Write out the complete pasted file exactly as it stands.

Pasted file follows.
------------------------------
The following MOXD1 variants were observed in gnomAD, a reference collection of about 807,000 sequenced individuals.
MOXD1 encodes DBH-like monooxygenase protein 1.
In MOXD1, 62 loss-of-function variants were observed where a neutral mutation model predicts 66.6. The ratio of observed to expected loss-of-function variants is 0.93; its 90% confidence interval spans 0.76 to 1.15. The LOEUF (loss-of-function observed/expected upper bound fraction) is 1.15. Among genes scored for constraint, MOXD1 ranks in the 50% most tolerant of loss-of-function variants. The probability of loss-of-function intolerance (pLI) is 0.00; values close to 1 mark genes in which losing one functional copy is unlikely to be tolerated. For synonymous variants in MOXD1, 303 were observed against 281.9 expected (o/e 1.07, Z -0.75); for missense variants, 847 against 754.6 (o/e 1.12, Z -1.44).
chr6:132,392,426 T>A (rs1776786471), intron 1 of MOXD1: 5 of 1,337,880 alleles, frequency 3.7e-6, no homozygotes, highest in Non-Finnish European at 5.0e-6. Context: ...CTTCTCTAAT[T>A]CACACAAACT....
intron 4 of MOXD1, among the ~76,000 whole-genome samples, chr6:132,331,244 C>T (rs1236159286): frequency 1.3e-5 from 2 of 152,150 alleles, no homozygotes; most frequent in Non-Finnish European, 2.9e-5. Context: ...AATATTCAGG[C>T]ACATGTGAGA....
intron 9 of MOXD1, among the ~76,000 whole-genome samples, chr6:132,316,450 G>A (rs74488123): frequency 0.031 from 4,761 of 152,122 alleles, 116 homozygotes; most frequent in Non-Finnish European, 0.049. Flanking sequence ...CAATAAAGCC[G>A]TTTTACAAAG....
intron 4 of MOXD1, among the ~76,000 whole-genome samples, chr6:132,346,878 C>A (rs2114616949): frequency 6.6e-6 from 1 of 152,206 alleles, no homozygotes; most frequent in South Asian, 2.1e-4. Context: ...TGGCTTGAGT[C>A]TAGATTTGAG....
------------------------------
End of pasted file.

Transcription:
The following MOXD1 variants were observed in gnomAD, a reference collection of about 807,000 sequenced individuals.
MOXD1 encodes DBH-like monooxygenase protein 1.
In MOXD1, 62 loss-of-function variants were observed where a neutral mutation model predicts 66.6. The ratio of observed to expected loss-of-function variants is 0.93; its 90% confidence interval spans 0.76 to 1.15. The LOEUF (loss-of-function observed/expected upper bound fraction) is 1.15. Among genes scored for constraint, MOXD1 ranks in the 50% most tolerant of loss-of-function variants. The probability of loss-of-function intolerance (pLI) is 0.00; values close to 1 mark genes in which losing one functional copy is unlikely to be tolerated. For synonymous variants in MOXD1, 303 were observed against 281.9 expected (o/e 1.07, Z -0.75); for missense variants, 847 against 754.6 (o/e 1.12, Z -1.44).
chr6:132,392,426 T>A (rs1776786471), intron 1 of MOXD1: 5 of 1,337,880 alleles, frequency 3.7e-6, no homozygotes, highest in Non-Finnish European at 5.0e-6. Context: ...CTTCTCTAAT[T>A]CACACAAACT....
intron 4 of MOXD1, among the ~76,000 whole-genome samples, chr6:132,331,244 C>T (rs1236159286): frequency 1.3e-5 from 2 of 152,150 alleles, no homozygotes; most frequent in Non-Finnish European, 2.9e-5. Context: ...AATATTCAGG[C>T]ACATGTGAGA....
intron 9 of MOXD1, among the ~76,000 whole-genome samples, chr6:132,316,450 G>A (rs74488123): frequency 0.031 from 4,761 of 152,122 alleles, 116 homozygotes; most frequent in Non-Finnish European, 0.049. Flanking sequence ...CAATAAAGCC[G>A]TTTTACAAAG....
intron 4 of MOXD1, among the ~76,000 whole-genome samples, chr6:132,346,878 C>A (rs2114616949): frequency 6.6e-6 from 1 of 152,206 alleles, no homozygotes; most frequent in South Asian, 2.1e-4. Context: ...TGGCTTGAGT[C>A]TAGATTTGAG....